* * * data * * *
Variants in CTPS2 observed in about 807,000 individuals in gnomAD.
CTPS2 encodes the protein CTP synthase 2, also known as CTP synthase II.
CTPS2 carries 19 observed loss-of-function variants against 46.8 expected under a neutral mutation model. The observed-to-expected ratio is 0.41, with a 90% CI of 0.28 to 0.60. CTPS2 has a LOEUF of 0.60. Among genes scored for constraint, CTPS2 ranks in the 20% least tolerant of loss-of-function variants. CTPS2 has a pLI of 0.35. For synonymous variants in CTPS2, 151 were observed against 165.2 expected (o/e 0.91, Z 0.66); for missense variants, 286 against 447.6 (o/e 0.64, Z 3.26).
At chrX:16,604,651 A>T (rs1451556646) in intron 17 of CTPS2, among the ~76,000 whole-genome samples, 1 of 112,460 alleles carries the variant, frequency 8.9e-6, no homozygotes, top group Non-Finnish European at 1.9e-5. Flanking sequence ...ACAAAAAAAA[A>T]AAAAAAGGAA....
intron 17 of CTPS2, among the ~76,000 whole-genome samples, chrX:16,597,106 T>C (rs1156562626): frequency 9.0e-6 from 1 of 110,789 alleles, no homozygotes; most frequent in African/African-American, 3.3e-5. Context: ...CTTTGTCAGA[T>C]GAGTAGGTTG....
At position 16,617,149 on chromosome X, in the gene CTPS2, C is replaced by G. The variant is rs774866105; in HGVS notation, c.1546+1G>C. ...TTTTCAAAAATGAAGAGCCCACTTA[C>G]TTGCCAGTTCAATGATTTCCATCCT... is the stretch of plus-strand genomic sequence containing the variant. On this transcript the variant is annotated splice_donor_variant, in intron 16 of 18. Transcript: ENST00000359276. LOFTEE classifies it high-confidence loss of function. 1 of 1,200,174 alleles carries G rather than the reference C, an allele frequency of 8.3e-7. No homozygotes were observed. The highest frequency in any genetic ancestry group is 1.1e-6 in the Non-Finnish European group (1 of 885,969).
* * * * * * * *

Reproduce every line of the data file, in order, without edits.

Variants in CTPS2 observed in about 807,000 individuals in gnomAD.
CTPS2 encodes the protein CTP synthase 2, also known as CTP synthase II.
CTPS2 carries 19 observed loss-of-function variants against 46.8 expected under a neutral mutation model. The observed-to-expected ratio is 0.41, with a 90% CI of 0.28 to 0.60. CTPS2 has a LOEUF of 0.60. Among genes scored for constraint, CTPS2 ranks in the 20% least tolerant of loss-of-function variants. CTPS2 has a pLI of 0.35. For synonymous variants in CTPS2, 151 were observed against 165.2 expected (o/e 0.91, Z 0.66); for missense variants, 286 against 447.6 (o/e 0.64, Z 3.26).
At chrX:16,604,651 A>T (rs1451556646) in intron 17 of CTPS2, among the ~76,000 whole-genome samples, 1 of 112,460 alleles carries the variant, frequency 8.9e-6, no homozygotes, top group Non-Finnish European at 1.9e-5. Flanking sequence ...ACAAAAAAAA[A>T]AAAAAAGGAA....
intron 17 of CTPS2, among the ~76,000 whole-genome samples, chrX:16,597,106 T>C (rs1156562626): frequency 9.0e-6 from 1 of 110,789 alleles, no homozygotes; most frequent in African/African-American, 3.3e-5. Context: ...CTTTGTCAGA[T>C]GAGTAGGTTG....
At position 16,617,149 on chromosome X, in the gene CTPS2, C is replaced by G. The variant is rs774866105; in HGVS notation, c.1546+1G>C. ...TTTTCAAAAATGAAGAGCCCACTTA[C>G]TTGCCAGTTCAATGATTTCCATCCT... is the stretch of plus-strand genomic sequence containing the variant. On this transcript the variant is annotated splice_donor_variant, in intron 16 of 18. Transcript: ENST00000359276. LOFTEE classifies it high-confidence loss of function. 1 of 1,200,174 alleles carries G rather than the reference C, an allele frequency of 8.3e-7. No homozygotes were observed. The highest frequency in any genetic ancestry group is 1.1e-6 in the Non-Finnish European group (1 of 885,969).